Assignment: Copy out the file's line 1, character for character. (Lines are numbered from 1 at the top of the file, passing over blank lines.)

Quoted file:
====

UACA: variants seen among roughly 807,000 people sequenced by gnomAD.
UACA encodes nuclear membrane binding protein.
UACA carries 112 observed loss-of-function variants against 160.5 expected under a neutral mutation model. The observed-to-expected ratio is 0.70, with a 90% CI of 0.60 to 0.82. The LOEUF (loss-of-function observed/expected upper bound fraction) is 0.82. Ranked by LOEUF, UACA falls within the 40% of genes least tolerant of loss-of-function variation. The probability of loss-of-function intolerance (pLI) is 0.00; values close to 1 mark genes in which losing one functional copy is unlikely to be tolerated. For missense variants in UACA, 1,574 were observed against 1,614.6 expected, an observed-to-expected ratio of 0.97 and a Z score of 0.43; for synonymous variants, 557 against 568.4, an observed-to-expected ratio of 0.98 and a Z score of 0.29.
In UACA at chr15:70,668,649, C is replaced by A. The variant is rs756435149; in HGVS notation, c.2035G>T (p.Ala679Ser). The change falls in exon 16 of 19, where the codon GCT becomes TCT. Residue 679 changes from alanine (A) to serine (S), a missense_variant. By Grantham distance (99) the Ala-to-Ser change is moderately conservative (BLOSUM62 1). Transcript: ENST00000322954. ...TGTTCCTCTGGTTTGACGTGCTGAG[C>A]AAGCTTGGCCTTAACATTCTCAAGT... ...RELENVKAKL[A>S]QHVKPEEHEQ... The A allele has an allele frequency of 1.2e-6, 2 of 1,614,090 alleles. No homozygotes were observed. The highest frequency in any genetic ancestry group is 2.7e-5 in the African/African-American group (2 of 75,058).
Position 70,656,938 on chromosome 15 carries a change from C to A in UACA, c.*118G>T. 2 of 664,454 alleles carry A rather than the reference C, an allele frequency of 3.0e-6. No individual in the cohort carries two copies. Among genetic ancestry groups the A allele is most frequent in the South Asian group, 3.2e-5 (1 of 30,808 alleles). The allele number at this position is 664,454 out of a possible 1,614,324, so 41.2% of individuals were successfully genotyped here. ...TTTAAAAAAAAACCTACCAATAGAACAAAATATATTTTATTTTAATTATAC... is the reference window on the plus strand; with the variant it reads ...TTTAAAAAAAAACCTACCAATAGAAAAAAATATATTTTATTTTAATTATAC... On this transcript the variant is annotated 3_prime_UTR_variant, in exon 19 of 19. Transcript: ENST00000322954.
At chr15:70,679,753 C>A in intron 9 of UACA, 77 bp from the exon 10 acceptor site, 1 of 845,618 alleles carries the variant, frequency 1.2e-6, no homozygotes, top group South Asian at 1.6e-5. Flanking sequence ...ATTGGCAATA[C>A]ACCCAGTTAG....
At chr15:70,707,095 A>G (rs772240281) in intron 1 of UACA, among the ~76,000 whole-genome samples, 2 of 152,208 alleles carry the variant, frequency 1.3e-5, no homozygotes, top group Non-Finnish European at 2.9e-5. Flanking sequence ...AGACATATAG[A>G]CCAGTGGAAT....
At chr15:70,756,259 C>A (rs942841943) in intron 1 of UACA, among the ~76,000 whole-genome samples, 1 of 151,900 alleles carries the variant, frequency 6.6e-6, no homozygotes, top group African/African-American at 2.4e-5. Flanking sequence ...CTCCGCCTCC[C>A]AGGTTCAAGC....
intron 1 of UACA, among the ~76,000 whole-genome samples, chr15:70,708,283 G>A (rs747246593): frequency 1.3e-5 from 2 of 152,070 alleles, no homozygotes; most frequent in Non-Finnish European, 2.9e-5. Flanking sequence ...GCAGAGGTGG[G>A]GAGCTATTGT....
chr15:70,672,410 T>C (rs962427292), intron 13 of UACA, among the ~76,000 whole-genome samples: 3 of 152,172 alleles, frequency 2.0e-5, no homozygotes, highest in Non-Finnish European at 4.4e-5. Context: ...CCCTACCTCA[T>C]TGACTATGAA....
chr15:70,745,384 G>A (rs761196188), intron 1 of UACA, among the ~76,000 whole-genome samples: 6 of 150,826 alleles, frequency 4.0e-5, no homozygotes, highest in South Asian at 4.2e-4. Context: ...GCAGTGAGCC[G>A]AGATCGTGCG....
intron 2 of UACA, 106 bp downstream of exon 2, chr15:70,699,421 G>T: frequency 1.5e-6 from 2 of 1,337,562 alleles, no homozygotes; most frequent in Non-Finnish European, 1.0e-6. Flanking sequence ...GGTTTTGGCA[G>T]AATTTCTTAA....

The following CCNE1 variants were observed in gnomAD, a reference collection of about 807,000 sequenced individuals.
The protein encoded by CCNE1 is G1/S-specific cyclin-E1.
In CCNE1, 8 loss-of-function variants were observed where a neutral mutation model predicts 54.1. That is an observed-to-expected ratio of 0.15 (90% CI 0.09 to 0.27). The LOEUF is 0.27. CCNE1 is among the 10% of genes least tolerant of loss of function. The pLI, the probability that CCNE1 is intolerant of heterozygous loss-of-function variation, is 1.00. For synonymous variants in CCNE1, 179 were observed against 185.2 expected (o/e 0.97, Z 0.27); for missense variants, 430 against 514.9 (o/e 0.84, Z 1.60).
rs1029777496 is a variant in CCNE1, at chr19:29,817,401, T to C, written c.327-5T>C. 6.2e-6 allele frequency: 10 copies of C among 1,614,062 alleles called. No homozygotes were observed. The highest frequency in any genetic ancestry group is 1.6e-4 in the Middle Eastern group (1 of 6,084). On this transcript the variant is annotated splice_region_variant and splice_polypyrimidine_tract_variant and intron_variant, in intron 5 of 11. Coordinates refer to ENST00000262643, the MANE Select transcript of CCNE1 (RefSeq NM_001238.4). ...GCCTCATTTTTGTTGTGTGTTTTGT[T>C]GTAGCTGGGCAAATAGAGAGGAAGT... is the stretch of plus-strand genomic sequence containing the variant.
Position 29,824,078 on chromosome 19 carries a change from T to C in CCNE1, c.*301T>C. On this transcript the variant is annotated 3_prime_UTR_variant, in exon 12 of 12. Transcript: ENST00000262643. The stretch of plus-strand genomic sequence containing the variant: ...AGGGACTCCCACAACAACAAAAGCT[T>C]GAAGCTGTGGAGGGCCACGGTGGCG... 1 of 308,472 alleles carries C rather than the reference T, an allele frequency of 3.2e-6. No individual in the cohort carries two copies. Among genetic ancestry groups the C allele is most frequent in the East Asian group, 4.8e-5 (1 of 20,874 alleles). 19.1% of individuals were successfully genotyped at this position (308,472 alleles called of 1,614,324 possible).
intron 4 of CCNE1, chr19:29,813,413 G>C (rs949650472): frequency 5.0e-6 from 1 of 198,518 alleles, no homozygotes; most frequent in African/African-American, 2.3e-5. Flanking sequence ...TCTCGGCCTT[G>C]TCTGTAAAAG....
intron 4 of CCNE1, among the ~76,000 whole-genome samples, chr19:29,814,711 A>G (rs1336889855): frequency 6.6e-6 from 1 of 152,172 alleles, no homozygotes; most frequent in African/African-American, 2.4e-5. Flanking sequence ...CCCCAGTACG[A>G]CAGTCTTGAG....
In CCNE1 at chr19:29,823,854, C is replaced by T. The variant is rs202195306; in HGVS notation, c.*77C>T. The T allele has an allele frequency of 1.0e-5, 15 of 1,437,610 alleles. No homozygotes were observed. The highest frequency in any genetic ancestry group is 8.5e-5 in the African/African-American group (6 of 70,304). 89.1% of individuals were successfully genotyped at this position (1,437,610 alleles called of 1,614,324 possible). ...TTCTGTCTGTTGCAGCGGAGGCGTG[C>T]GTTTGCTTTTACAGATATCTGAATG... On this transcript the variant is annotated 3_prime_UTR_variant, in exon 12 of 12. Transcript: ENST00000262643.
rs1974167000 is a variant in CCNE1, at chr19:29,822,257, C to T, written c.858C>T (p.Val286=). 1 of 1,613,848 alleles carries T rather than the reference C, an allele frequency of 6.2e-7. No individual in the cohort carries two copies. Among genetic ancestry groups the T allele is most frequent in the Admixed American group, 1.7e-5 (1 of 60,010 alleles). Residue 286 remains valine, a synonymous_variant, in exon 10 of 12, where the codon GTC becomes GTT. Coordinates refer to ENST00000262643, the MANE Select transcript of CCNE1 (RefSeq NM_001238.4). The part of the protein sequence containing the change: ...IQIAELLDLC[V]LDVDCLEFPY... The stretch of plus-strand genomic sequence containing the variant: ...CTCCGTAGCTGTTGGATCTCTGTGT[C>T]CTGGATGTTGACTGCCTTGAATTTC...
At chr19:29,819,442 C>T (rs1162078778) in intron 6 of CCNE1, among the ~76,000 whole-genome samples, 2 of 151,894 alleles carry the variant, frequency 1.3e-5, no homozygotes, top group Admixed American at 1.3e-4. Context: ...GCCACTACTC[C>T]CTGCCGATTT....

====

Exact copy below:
UACA: variants seen among roughly 807,000 people sequenced by gnomAD.